Non-Violence and Self-Defense 3
I am glad to be able to participate in a discourse like this. I’m not sure where to begin my comments, because a lot of discussion has happened since my last entry. I am not interested in labels like ‘pacifist’ that do more to divide than clarify (divisions of this sort are anathema to the cross and kingdom of Christ). I also think that we have rushed far too quickly into trying to answer hypotheticals and particular situations. We must try and scope out the forest before we start analyzing particular trees.
Here are some broad brush-strokes:
Military personnel are required to take an oath upon entering service. They enter into a covenant with their government. When the kingdom of God encounters the kingdoms of this world, there are no simple and discrete situations. When a soldier becomes a Christian, he is still covenanted to his military service. Being an oath-breaker is just as sinful as extortion and brutality. In fact, God has a word for people who break covenants. They are called adulterers, and they are universally condemned.
To make a rough comparison, many Christian slaveholders became convinced that possessing another human being was sinful, but they did not immediately turn out their slaves. Why? Because they realized that casting out terribly poor, uneducated, culturally unassimilated and helpless people into a society that hated them was also a great sin. So while they believed it was a sin for a Christian to buy a slave, the question for the repentant slaveholder was much more complex.
This is comparable to the relationship between the Christian and the military. John the Baptist makes it pretty clear that it is not inherently sinful to be a soldier, but as Br. Goring astutely pointed out, he puts some severe restrictions on it. While I believe it is a dangerously rash act for a Christian to swear allegiance to ANY kingdom of this world, the question for a soldier who desires to defect (which is the 1st Century connotation of the term ‘repent’: at least according to Josephus) and pledge allegiance to the kingdom of God is far more complex.
As simply as I can put it, a soldier CAN be a Christian and it still be sinful for a Christian to be a soldier, IF it is the process of BECOMING a soldier that violates the terms of one’s covenant with Christ. “For a man cannot serve two masters…” Christ’s claims of exclusivity are not merely religious.
Romans 13 always poses a challenge to discussions of how Christians are to relate to the kingdoms around them, and it usually ends up being used to support Christian use of force in seeking “the greater good.” This is doubly ironic: first, because that big THIRTEEN on the page seems to distract us from the fact that it comes right after Romans 12:17-21. Second, because we are to suppose that Paul is saying that the emperor Nero, whose executioners will make Paul (a Roman citizen!) a martyr, is the instrument of God for the good of believers, and that good people (presumably like Paul) have nothing to fear from him.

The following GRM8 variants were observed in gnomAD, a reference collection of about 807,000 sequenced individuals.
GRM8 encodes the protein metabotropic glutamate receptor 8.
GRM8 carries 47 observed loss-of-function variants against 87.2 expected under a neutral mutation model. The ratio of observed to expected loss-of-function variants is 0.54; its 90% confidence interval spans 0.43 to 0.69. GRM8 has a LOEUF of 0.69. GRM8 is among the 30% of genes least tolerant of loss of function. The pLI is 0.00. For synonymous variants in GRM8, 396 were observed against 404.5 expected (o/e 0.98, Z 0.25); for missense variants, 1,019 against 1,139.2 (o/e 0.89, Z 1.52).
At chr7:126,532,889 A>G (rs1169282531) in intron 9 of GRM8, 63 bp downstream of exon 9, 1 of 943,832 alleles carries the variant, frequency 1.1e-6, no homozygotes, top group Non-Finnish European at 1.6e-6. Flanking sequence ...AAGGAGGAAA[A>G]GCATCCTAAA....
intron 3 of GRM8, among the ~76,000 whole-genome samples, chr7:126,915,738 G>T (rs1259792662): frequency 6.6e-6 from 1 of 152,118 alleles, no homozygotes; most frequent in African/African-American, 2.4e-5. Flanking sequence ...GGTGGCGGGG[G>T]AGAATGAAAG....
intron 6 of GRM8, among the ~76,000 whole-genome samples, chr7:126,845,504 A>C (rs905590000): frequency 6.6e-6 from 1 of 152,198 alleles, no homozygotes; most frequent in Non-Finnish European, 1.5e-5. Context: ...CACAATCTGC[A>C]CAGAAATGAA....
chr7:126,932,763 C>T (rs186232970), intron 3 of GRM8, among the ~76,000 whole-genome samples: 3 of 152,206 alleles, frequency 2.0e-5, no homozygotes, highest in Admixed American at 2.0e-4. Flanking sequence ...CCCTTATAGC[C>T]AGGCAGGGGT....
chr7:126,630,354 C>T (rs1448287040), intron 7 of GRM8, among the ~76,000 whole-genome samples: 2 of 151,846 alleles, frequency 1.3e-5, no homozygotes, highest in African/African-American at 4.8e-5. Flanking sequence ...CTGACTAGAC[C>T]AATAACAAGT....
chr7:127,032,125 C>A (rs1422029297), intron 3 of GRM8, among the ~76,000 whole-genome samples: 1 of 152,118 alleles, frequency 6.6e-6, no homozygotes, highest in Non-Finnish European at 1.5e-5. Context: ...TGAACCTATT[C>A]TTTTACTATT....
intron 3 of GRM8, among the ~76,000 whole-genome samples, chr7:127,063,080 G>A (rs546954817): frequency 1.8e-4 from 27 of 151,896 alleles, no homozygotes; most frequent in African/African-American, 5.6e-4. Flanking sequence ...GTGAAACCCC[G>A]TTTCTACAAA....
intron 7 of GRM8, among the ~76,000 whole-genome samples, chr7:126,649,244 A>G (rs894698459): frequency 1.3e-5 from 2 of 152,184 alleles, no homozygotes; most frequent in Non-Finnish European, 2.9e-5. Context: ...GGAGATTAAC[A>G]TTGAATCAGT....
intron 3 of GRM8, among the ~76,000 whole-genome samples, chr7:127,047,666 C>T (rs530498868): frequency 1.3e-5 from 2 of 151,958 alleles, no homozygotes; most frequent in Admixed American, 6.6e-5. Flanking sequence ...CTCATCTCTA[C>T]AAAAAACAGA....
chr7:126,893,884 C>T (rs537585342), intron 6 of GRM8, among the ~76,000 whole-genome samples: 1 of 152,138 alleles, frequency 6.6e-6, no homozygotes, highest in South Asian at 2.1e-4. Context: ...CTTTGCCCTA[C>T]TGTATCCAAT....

Again, we have a situation where in the clash and smoke between the kingdom of God and the kingdoms of this world, difficult decisions must be made and much grace is needed. I wish it was as easy as saying, “No Christian can ever practice any kind of violence, ever,” or, “Christians are free to take up arms in any cause they like.” But we live in between times; the kingdom of God is still breaking into the world, and the kingdoms of Satan don’t like it. When God is “all in all,” when “every knee and every tongue” bend and confess the rulership of Jesus, government will be perfect. Until then, because God is patient, hates chaos, and desires peace, human governments are allowed to continue to rule. His people, I think, are allowed to participate in them insofar as their allegiance to God is unchallenged and their calling to holiness is not directly hindered. Further, his people have a prophetic calling to speak up when their governments fail to honor their own Romans 13 calling. Why do we speak out against abortion, if not because our government is failing to honor its commitment to protect the helpless?
Somewhere in the discussion, the word “evil-doer” came up. Stop it. We all deserve that appellation. The line between good and evil is not between us and them, but right through each and every one of us.
In Luke 13, Jesus gives us teaching that is very important at a worldview-shaping level. There were several ways that Israel was trying to be God’s people in light of Roman imperial domination– violent rebellion and collusion with the powers. The Galileans are rebels whom Pilate executed, and the people whom the Tower of Siloam crushed are probably collaborators with Herod. At least that is why they’d have been considered great sinners. Jesus points the lesson back to his audience, and he is not saying that they’d better get their little moral peccadillos straightened out. He is saying the same thing that he is doing: proclaiming and enacting that only the way of the cross, the way of turning the other cheek and self-abnegation and self-sacrifice and total trust in God, leads home.
Remember that this same Jesus called his best friend SATAN for suggesting that submission to violence was wrong and that they should instead retaliate in kind.
in HIS love,